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Book Review: The Rider’s Guide To Real Collection

A book review by Horse Journal Performance Editor John Strassburger.

The Rider's Guide To Real Collection

By Lynn Palm and Stacy Piggot. Hardcover. 2011. Trafalgar Square Books. $29.95. Available at http://www.horsebooksetc.com/, 800-952-5813.

The problem with Lynn Palm's book is that it's mis-titled. "Collection" is one of the most misused words in the equestrian lexicon, as she notes in chapter 1. She should have called it "The Guide To True Balance," because that's what she's really talking about, both philosophically and practically.

The cover blurb accurately describes the book's theme: "Achieve willingness, balance and the perfect frame with performance horses."

In chapter 1, Palm correctly notes, "Collection can only be achieved by riding the horse from back to front," adding, "A ‘headset' is not collection. This is probably one of the biggest misconceptions in riding."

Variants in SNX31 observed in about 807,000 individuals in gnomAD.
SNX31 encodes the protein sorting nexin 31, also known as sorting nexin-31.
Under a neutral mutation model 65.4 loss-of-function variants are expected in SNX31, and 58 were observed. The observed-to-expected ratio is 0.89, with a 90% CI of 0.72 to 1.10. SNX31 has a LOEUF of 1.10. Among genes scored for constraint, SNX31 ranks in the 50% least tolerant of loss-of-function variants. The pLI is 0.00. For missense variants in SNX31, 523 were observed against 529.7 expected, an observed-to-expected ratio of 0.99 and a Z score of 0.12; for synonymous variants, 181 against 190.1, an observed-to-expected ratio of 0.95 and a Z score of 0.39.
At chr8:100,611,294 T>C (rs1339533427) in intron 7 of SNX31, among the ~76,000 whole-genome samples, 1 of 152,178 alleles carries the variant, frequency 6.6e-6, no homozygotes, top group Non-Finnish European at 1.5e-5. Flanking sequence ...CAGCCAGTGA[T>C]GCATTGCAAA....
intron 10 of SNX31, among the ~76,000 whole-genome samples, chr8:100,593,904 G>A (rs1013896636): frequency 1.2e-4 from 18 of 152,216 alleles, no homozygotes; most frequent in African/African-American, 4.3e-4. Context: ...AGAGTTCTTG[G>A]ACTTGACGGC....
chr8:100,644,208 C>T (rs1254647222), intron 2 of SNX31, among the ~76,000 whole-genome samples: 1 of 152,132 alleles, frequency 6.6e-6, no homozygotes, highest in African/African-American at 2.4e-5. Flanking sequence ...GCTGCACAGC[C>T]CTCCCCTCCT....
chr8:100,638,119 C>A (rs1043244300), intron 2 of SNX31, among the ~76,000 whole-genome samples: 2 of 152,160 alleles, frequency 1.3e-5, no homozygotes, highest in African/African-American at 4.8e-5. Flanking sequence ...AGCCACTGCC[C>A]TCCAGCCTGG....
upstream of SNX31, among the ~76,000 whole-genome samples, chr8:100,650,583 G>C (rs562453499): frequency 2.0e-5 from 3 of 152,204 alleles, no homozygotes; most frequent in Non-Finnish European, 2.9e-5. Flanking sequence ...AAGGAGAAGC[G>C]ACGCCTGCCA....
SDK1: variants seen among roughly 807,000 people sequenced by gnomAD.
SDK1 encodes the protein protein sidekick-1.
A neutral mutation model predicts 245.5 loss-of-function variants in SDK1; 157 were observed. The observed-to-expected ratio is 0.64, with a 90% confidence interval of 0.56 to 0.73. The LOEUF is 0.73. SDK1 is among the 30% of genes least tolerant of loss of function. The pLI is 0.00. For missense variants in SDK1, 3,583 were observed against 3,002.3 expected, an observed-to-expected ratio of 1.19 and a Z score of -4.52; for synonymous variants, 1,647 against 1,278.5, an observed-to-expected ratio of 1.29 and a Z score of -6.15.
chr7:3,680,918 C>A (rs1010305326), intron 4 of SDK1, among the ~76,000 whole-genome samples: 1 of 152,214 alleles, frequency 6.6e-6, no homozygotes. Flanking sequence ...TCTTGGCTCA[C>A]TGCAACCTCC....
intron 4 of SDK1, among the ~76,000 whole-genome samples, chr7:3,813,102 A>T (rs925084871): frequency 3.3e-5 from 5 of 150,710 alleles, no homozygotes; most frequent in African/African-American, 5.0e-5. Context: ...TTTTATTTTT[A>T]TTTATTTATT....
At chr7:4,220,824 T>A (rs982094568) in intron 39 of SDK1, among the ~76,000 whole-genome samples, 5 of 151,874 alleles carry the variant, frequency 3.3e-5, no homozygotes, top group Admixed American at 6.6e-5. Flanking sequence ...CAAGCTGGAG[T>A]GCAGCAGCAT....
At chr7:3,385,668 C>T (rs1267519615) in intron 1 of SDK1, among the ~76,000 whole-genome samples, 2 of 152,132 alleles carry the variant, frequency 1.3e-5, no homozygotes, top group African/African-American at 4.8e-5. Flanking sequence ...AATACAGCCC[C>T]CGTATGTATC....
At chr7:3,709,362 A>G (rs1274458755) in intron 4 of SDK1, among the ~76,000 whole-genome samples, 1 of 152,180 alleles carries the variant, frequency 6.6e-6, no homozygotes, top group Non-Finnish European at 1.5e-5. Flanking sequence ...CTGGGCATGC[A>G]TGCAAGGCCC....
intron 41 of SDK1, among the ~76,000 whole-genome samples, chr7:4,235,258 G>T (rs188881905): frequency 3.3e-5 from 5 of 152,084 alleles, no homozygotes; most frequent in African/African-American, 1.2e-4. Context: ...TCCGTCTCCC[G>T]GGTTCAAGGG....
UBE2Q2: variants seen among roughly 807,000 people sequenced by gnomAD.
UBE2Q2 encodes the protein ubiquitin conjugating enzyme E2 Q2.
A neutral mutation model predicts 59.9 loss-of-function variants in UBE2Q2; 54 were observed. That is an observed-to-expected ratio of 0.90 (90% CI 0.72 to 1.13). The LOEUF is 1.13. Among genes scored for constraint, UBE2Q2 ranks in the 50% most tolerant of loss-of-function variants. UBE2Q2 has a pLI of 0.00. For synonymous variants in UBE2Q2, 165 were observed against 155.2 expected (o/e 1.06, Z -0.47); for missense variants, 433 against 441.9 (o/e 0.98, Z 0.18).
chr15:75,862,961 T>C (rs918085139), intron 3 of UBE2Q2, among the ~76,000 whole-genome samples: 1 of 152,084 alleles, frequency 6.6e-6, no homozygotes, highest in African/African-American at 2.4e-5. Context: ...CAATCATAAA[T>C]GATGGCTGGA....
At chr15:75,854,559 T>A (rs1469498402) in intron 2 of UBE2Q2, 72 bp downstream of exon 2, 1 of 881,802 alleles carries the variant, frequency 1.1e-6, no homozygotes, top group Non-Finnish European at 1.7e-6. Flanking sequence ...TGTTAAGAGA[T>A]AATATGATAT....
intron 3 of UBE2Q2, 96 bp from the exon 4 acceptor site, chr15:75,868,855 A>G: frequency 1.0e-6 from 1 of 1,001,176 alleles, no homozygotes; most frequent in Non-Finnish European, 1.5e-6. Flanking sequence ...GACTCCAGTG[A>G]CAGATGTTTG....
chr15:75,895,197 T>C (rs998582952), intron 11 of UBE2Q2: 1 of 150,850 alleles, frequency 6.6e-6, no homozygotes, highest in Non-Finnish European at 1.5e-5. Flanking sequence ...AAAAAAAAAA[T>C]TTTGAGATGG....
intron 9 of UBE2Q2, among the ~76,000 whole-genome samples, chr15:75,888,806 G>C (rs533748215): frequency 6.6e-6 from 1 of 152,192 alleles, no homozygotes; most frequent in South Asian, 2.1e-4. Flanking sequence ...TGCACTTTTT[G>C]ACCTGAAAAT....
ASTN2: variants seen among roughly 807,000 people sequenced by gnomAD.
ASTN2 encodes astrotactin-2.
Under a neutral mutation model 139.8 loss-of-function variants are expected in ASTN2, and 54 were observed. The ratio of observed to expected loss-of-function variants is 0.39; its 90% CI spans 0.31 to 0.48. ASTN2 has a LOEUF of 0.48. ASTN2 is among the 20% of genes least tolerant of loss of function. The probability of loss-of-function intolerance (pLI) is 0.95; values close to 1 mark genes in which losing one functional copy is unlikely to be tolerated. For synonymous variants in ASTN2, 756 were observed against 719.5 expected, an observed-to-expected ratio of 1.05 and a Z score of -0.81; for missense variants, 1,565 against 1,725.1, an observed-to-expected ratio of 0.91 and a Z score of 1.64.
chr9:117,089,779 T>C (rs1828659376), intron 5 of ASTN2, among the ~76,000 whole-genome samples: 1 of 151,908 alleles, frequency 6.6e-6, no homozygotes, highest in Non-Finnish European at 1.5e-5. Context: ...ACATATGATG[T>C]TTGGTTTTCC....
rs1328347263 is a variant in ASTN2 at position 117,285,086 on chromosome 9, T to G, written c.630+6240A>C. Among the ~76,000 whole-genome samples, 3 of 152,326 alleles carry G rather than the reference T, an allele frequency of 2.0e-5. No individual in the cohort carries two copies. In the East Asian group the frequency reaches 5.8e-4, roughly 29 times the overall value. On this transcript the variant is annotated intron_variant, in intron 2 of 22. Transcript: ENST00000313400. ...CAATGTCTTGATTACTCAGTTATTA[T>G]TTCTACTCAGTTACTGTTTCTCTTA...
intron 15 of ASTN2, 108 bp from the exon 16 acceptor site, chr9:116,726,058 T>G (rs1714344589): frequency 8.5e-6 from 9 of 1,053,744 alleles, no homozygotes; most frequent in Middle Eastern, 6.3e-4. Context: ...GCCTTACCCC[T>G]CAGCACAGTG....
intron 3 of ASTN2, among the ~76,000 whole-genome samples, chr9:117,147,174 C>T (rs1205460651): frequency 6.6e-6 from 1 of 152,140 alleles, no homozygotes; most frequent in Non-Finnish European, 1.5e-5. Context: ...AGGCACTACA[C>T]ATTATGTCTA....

Palm is best known for her training and riding of Rugged Lark, the Quarter Horse stallion with whom she won numerous American Quarter Horse Association Western titles and performed a long list of training demonstrations around the country, including at the 1996 Atlanta Olympics.

The author is admirably experienced in a wide range of riding disciplines (including dressage), and the primary point of her book is that balance (or "collection") is a necessary precursor to a good performance in any discipline.

She works very hard to explain her philosophy and exercises in ways riders of almost any discipline will understand, and the photos by acclaimed photographer Cappy Jackson beautifully illustrate her words, with horses in both English and western tack.

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Bottom Line: The Rider's Guide is a thoroughly written and beautifully designed book about the basic training of horses. But it's not really about collection.

Best Suited For:  This is a good book for beginner or novice riders who need to understand how to create balance and energy in their horses. Palm clearly and thoroughly explains the basics of training and various equipment.

You'll be disappointed if: You're a reasonably experienced dressage rider who hopes a book will teach you how to develop the level of collection needed for upper-level dressage.

Posted in Book Reviews & Excerpts, Collegiate Riding, Dressage, English, Eventing, Hunter/Jumper, Resources, Riding & Training | Leave a comment

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